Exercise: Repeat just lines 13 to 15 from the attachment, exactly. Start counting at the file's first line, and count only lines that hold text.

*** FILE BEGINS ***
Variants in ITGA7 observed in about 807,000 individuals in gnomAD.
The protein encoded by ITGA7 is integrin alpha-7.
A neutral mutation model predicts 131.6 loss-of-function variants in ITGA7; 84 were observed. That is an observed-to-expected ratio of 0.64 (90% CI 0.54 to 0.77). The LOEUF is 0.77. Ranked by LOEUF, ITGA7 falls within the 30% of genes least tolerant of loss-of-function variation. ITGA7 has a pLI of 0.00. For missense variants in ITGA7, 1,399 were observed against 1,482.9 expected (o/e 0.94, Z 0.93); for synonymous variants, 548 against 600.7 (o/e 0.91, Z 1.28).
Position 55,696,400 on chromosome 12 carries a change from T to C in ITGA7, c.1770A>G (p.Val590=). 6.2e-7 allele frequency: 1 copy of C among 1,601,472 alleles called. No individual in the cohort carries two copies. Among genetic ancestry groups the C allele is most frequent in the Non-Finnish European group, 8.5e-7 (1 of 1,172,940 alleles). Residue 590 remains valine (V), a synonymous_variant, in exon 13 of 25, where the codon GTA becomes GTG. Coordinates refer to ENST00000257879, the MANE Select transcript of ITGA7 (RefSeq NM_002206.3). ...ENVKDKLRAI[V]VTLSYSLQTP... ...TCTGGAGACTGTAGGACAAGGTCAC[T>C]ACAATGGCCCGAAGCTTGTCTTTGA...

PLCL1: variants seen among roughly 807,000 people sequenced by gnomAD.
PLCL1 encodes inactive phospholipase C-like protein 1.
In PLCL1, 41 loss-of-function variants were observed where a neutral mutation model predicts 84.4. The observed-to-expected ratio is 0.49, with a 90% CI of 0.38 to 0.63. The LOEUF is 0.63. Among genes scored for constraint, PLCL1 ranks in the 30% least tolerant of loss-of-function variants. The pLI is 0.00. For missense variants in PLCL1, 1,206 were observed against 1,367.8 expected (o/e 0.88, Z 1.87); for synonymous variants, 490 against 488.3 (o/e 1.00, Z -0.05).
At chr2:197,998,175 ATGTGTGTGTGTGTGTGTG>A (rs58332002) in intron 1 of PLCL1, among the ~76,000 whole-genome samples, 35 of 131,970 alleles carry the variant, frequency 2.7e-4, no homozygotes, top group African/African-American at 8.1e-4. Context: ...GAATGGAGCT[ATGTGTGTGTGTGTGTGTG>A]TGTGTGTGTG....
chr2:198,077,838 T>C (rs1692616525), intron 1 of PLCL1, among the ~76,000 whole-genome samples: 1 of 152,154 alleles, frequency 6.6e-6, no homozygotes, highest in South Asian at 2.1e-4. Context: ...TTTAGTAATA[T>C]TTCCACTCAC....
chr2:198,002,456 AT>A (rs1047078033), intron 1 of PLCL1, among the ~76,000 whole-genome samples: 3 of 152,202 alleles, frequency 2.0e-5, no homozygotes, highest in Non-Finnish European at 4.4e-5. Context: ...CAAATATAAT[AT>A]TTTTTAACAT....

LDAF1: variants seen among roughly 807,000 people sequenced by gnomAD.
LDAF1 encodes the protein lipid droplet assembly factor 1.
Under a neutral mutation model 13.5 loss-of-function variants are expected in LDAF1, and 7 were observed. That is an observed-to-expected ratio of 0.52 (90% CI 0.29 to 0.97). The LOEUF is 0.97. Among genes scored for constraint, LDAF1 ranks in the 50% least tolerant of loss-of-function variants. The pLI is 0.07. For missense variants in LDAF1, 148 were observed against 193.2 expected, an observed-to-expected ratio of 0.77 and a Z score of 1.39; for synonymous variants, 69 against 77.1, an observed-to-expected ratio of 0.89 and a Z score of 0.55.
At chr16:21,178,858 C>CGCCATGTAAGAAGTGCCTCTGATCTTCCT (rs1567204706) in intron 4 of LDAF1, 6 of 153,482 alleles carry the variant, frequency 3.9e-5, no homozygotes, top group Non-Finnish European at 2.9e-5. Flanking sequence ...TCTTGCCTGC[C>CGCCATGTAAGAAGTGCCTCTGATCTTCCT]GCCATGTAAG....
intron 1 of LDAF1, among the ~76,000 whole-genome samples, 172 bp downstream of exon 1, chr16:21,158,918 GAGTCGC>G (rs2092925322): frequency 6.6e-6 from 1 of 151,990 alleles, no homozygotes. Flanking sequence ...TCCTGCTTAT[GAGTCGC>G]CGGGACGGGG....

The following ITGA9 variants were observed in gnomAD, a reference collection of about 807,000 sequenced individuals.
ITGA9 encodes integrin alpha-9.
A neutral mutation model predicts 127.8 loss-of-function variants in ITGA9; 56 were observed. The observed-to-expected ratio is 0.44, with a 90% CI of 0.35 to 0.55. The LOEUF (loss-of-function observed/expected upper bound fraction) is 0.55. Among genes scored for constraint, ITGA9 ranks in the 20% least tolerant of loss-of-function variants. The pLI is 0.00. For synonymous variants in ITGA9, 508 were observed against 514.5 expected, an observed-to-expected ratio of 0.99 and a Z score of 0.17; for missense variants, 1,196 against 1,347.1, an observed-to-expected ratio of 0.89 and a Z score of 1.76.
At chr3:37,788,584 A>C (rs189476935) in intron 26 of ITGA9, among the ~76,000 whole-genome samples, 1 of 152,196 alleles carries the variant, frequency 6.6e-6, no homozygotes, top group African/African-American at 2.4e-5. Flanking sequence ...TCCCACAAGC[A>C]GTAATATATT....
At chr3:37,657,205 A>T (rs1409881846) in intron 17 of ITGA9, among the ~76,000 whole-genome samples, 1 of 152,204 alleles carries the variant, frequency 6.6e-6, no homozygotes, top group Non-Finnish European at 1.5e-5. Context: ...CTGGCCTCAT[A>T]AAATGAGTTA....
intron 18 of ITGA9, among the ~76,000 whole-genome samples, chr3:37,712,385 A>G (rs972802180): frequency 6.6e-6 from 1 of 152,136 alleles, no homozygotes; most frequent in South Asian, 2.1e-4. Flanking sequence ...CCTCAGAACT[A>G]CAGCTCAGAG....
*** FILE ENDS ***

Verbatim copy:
Under a neutral mutation model 13.5 loss-of-function variants are expected in LDAF1, and 7 were observed. That is an observed-to-expected ratio of 0.52 (90% CI 0.29 to 0.97). The LOEUF is 0.97. Among genes scored for constraint, LDAF1 ranks in the 50% least tolerant of loss-of-function variants. The pLI is 0.07. For missense variants in LDAF1, 148 were observed against 193.2 expected, an observed-to-expected ratio of 0.77 and a Z score of 1.39; for synonymous variants, 69 against 77.1, an observed-to-expected ratio of 0.89 and a Z score of 0.55.
At chr16:21,178,858 C>CGCCATGTAAGAAGTGCCTCTGATCTTCCT (rs1567204706) in intron 4 of LDAF1, 6 of 153,482 alleles carry the variant, frequency 3.9e-5, no homozygotes, top group Non-Finnish European at 2.9e-5. Flanking sequence ...TCTTGCCTGC[C>CGCCATGTAAGAAGTGCCTCTGATCTTCCT]GCCATGTAAG....
intron 1 of LDAF1, among the ~76,000 whole-genome samples, 172 bp downstream of exon 1, chr16:21,158,918 GAGTCGC>G (rs2092925322): frequency 6.6e-6 from 1 of 151,990 alleles, no homozygotes. Flanking sequence ...TCCTGCTTAT[GAGTCGC>G]CGGGACGGGG....